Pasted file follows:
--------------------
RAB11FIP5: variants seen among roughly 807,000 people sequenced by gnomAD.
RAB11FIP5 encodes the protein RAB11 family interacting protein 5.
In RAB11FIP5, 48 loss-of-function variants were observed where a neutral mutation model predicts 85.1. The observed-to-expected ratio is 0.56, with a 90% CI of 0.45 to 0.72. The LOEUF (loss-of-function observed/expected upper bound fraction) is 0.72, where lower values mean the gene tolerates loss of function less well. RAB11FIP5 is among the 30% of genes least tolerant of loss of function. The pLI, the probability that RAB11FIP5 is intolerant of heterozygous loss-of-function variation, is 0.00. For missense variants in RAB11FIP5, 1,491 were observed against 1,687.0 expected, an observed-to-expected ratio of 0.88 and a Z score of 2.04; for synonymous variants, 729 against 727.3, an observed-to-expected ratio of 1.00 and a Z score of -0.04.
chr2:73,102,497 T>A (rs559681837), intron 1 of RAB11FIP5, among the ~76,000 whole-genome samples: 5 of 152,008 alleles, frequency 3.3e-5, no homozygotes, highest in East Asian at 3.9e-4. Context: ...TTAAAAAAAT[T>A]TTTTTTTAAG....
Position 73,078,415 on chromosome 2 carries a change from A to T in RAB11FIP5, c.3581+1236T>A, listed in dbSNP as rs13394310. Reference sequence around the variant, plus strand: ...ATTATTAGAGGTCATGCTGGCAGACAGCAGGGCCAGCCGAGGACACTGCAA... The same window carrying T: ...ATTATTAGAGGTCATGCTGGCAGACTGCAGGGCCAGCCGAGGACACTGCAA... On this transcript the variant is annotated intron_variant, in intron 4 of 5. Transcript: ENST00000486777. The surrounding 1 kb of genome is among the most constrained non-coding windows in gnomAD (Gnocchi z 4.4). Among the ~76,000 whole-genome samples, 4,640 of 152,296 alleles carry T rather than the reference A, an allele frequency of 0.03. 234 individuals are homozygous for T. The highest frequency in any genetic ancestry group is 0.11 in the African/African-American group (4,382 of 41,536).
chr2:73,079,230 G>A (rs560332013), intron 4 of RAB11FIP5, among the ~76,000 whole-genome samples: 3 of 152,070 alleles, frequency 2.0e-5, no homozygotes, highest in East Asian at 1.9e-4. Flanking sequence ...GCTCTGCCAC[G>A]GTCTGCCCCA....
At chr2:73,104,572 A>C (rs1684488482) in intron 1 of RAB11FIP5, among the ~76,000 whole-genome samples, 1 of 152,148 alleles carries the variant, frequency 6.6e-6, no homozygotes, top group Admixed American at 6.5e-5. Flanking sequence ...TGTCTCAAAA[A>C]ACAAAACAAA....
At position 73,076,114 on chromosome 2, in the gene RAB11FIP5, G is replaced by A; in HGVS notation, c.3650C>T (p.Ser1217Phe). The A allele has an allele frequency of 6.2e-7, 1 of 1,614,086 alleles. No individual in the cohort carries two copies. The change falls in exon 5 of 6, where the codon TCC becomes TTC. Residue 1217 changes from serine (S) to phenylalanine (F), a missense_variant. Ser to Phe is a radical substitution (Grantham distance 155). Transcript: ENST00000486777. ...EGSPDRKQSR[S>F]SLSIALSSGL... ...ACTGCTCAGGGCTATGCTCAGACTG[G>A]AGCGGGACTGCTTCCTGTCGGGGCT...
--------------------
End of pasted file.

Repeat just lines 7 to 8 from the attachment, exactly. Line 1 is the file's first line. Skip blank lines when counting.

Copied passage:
At chr2:73,104,572 A>C (rs1684488482) in intron 1 of RAB11FIP5, among the ~76,000 whole-genome samples, 1 of 152,148 alleles carries the variant, frequency 6.6e-6, no homozygotes, top group Admixed American at 6.5e-5. Flanking sequence ...TGTCTCAAAA[A>C]ACAAAACAAA....
At position 73,076,114 on chromosome 2, in the gene RAB11FIP5, G is replaced by A; in HGVS notation, c.3650C>T (p.Ser1217Phe). The A allele has an allele frequency of 6.2e-7, 1 of 1,614,086 alleles. No individual in the cohort carries two copies. The change falls in exon 5 of 6, where the codon TCC becomes TTC. Residue 1217 changes from serine (S) to phenylalanine (F), a missense_variant. Ser to Phe is a radical substitution (Grantham distance 155). Transcript: ENST00000486777. ...EGSPDRKQSR[S>F]SLSIALSSGL... ...ACTGCTCAGGGCTATGCTCAGACTG[G>A]AGCGGGACTGCTTCCTGTCGGGGCT...